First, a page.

This young girl is part of a Balinese Legong dance performance. She is captured here in a brief moment of regal serenity. Balinese dancing, and Legong dance in particular, is epitomised by highly exaggerated facial expressions, and intricately sinuous hand movements and footwork. Even without the ornate costumes and theatrical hair and make-up I imagine that the stars of the show would still shine; my take on Ailsa’s ‘shine’ travel theme.
It is fascinating to watch these beautiful dancers move. They do not speak, so everything is conveyed through movement and expression, and the accompanying music. The girls performing are usually not old – often only young teenagers. But dance, music and the arts are integral to Balinese culture, and deeply revered. Legong dancers are well-respected, with many of them commencing intensive training for this very prestigious role in early childhood.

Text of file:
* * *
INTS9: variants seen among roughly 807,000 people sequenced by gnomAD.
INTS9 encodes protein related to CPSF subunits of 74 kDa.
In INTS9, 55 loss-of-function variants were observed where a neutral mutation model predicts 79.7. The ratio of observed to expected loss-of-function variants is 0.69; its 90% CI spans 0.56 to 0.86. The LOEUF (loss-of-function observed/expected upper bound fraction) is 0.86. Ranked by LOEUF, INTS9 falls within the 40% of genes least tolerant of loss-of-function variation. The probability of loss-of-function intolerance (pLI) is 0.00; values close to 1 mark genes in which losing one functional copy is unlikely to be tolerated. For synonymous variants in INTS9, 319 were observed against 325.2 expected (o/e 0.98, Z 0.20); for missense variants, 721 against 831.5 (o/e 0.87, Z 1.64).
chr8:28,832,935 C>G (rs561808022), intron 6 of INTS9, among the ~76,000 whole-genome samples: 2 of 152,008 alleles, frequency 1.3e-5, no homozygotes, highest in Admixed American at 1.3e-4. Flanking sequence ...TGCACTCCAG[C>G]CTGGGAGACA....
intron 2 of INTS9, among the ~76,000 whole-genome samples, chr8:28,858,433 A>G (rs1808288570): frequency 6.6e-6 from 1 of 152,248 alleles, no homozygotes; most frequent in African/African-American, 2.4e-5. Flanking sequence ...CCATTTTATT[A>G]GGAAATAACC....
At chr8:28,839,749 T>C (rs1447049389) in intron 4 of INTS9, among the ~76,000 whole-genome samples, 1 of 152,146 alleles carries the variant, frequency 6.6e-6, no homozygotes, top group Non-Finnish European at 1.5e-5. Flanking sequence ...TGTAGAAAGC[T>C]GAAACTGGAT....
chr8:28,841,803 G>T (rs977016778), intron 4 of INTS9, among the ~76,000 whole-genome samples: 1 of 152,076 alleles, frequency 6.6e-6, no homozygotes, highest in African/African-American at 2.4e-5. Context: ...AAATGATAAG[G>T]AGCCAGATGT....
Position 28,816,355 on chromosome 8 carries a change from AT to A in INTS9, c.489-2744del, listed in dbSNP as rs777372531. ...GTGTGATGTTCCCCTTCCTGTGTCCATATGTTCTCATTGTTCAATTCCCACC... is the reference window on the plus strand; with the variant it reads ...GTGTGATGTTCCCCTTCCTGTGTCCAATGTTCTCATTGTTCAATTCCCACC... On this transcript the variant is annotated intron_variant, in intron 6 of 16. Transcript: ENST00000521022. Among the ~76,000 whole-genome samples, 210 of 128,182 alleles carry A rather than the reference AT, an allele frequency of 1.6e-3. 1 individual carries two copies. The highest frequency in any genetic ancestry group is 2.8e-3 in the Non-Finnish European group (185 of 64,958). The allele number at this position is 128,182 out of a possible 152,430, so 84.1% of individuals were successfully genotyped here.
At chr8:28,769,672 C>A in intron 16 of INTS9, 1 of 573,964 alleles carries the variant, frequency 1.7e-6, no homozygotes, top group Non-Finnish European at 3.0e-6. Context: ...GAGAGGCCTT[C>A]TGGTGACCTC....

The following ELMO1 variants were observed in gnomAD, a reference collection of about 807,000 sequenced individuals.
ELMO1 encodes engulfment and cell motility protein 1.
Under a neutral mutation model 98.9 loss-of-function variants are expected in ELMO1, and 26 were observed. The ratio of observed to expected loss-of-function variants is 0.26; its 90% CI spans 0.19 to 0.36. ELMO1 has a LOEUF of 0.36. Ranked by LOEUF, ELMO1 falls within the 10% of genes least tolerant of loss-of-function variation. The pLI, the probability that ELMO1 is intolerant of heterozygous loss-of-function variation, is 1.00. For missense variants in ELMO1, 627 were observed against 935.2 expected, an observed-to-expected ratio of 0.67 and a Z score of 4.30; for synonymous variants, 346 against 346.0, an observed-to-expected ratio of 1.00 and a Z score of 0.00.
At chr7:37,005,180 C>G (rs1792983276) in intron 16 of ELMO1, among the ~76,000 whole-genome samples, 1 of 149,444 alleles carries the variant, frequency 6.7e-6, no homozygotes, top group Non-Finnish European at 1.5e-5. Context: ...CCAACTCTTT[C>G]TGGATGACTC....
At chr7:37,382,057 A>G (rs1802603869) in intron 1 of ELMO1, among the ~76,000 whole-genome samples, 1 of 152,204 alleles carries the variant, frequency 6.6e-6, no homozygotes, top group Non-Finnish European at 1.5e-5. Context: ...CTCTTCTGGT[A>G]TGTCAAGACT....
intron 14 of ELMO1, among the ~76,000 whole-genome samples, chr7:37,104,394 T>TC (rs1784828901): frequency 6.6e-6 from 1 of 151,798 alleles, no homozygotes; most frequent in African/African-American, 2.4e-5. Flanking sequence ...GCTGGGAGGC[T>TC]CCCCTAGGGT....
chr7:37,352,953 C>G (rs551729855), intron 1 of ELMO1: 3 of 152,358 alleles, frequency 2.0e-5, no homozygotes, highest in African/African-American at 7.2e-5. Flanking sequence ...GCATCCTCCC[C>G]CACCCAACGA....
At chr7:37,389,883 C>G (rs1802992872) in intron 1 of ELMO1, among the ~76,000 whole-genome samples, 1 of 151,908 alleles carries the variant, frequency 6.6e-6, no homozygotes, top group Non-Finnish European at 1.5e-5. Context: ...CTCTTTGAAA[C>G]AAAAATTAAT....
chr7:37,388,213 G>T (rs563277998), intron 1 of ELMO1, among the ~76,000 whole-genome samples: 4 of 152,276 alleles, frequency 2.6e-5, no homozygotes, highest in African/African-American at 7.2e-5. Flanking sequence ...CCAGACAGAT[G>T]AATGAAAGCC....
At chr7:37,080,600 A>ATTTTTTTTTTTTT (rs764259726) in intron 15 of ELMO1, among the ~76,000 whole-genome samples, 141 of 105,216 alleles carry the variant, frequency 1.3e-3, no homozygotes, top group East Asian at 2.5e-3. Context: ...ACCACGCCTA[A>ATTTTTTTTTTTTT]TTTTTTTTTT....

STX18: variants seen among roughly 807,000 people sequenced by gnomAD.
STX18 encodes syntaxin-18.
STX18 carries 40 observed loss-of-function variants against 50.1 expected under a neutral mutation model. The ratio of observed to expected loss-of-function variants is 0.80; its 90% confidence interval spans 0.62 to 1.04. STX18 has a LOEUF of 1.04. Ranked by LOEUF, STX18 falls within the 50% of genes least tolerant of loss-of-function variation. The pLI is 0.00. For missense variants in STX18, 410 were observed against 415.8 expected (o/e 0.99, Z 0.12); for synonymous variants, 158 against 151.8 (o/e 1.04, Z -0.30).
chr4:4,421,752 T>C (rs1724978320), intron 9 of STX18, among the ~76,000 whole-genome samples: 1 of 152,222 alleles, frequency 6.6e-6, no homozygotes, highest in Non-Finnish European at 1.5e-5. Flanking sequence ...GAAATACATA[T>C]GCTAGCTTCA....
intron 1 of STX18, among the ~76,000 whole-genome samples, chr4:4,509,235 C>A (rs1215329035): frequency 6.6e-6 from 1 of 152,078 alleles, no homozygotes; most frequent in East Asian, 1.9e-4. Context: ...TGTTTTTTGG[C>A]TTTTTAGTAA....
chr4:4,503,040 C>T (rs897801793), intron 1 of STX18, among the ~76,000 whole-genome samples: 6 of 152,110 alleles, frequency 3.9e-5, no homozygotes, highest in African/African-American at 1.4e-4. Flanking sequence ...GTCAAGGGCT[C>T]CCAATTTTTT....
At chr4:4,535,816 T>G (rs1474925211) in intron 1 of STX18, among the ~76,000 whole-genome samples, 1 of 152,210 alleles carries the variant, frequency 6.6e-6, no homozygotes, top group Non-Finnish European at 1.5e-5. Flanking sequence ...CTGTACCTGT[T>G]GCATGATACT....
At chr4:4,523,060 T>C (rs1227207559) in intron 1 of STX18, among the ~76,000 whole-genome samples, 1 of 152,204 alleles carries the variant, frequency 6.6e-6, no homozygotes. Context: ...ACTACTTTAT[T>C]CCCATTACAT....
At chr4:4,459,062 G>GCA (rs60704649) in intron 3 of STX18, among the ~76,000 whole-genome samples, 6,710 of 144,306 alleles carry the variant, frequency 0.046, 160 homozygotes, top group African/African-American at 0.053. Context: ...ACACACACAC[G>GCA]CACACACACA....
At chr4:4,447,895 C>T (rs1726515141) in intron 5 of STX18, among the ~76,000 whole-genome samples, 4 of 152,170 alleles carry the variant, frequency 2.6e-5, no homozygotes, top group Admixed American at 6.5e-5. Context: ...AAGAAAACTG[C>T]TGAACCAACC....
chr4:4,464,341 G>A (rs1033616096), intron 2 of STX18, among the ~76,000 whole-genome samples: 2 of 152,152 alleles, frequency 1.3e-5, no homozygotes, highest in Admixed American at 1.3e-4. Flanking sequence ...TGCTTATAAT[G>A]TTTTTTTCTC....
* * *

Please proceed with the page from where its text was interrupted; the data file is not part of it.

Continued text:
There are two different possible translations for the meaning of ‘legong’. One is ‘something that makes people happy’. The other is a combined derivation of the Indonesian words for ‘dance’ and ‘gamelan music’, the very distinctive percussive music of Bali and Java which accompanies the dance. Although the second option is more explanatory, I think I prefer the more whimsical nature of the first one. I certainly felt happy, sat in an open air courtyard in Ubud on a balmy Balinese night, watching the pageant unfold as the stars of the show shone.